Sea Drift is among the larger-scale musical works by the composer Frederick Delius. Completed in 1903-1904 and first performed in 1906, it is a setting for baritone, chorus and orchestra of words by Walt Whitman. Sea Drift takes its name from a section of Walt Whitman’s poetical compilation Leaves of Grass, Sea-Drift, which contains several poems about the sea or the shore. The text is drawn from the poem Out of the Cradle Endlessly Rocking, though it does not use the full text.

Full Poem Text

"But now let us see how the Greeks named [poetry] and how they deemed of it. The Greeks called him [Greek], which name hath, as the most excellent, gone through other languages. It cometh of this word [Greek], which is “to make”; wherein I know not whether by luck or wisdom we Englishmen have met with the Greeks in calling him a maker. Which name how high and incomparable a title it is, I had rather were known by marking the scope of other sciences than by any partial allegation. There is no art delivered unto mankind that hath not the works of nature for his principal object, without which they could not consist, and on which they so depend as they become actors and players, as it were, of what nature will have set forth. So doth the astronomer look upon the stars, and, by that he seeth, set down what order nature hath taken therein. So do the geometrician and arithmetician in their divers sorts of quantities. So doth the musician in times tell you which by nature agree, which not. The natural philosopher thereon hath his name, and the moral philosopher standeth upon the natural virtues, vices, and passions of man; and “follow nature,” saith he, “therein, and thou shalt not err.” The lawyer saith what men have determined, the historian what men have done. The grammarian speaketh only of the rules of speech, and the rhetorician and logician, considering what in nature will soonest prove and persuade, thereon give artificial rules, which still are compassed within the circle of a question, according to the proposed matter. The physician weigheth the nature of man’s body, and the nature of things helpful or hurtful unto it. And the metaphysic, though it be in the second and abstract notions, and therefore be counted supernatural, yet doth he, indeed, build upon the depth of nature.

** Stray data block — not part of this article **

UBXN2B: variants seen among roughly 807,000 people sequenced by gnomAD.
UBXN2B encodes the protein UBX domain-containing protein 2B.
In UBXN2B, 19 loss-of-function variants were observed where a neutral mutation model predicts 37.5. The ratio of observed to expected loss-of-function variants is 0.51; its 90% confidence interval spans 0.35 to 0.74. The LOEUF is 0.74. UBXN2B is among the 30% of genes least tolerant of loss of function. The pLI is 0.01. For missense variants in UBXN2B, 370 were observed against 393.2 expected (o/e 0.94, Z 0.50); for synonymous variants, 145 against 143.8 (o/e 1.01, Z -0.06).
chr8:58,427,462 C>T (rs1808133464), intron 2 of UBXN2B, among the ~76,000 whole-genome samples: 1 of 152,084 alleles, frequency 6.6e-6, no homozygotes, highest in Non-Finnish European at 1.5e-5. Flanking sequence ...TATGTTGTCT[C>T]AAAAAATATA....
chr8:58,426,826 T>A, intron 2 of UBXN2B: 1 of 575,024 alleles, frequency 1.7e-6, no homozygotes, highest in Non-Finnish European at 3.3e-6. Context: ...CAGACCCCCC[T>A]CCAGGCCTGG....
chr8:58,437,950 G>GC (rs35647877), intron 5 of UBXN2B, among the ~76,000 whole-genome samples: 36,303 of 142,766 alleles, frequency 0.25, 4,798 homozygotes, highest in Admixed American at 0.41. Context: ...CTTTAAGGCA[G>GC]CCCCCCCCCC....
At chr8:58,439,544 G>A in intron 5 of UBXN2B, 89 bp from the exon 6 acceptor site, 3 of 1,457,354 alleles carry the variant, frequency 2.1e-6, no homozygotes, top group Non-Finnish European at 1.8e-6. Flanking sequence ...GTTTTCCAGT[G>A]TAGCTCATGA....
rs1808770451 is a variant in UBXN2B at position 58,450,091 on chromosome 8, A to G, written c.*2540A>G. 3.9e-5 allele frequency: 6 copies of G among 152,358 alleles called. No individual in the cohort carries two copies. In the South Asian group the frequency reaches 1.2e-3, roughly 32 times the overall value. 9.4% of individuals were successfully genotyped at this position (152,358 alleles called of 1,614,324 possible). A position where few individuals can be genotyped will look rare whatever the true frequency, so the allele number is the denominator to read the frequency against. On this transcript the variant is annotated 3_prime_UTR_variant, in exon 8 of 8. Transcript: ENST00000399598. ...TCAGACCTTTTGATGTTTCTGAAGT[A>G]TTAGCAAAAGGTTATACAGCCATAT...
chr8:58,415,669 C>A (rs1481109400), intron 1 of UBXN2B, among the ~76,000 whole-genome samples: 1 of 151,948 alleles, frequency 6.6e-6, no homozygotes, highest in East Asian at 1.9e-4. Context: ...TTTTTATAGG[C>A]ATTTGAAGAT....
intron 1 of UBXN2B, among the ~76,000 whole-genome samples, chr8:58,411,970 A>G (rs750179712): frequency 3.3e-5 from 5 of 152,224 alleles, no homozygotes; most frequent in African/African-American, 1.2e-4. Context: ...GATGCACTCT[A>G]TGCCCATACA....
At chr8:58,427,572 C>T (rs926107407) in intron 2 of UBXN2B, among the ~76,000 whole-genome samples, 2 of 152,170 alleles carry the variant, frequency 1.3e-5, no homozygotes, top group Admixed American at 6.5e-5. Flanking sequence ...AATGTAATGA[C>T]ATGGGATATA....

Only the poet, disdaining to be tied to any such subjection, lifted up with the vigor of his own invention, doth grow, in effect, into another nature, in making things either better than nature bringeth forth, or, quite anew, forms such as never were in nature, as the heroes, demi-gods, cyclops, chimeras, furies, and such like; so as he goeth hand in hand with nature, not enclosed within the narrow warrant of her gifts, but freely ranging within the zodiac of his own wit. Nature never set forth the earth in so rich tapestry as divers poets have done; neither with pleasant rivers, fruitful trees, sweet-smelling flowers, nor whatsoever else may make the too-much-loved earth more lovely; her world is brazen, the poets only deliver a golden."

— Sir Phillip Sidney, In Defence of Poesy

"When despair for the world grows in me
and I wake in the night at the least sound
in fear of what my life and my children’s lives may be,
I go and lie down where the wood drake
rests in his beauty on the water, and the great heron feeds.
I come into the peace of wild things
who do not tax their lives with forethought
of grief. I come into the presence of still water.
And I feel above me the day-blind stars
waiting with their light. For a time
I rest in the grace of the world, and am free."

— Wendell Berry, The Peace of Wild Things

Tags: poetry nature

Jonathan Swift’s Baucis and Philemon

IN ancient times, as story tells,

The saints would often leave their cells,

And stroll about, but hide their quality,

To try good people’s hospitality.

It happened on a winter night,

As authors of the legend write,

Two brother hermits, saints by trade,

Taking their tour in masquerade,

Disguised in tattered habits, went

To a small village down in Kent;

Where, in the strollers’ canting strain,

They begged from door to door in vain;

Tried every tone might pity win,

But not a soul would let them in.

Our wandering saints in woeful state,

Treated at this ungodly rate,

Having through all the village passed,

To a small cottage came at last,

Where dwelt a good honest old yeoman,

Called, in the neighbourhood, Philemon,

Who kindly did these saints invite

In his poor hut to pass the night;

And then the hospitable Sire

Bid goody Baucis mend the fire;

While he from out the chimney took

A flitch of bacon off the hook,

And freely from the fattest side

Cut out large slices to be fried;

Then stepped aside to fetch ‘em drink,

Filled a large jug up to the brink,

And saw it fairly twice go round;

Yet (what is wonderful) they found

'Twas still replenished to the top,

As if they ne’er had touched a drop

The good old couple were amazed,

And often on each other gazed;

For both were frightened to the heart,

And just began to cry, - What art!

Then softly turned aside to view,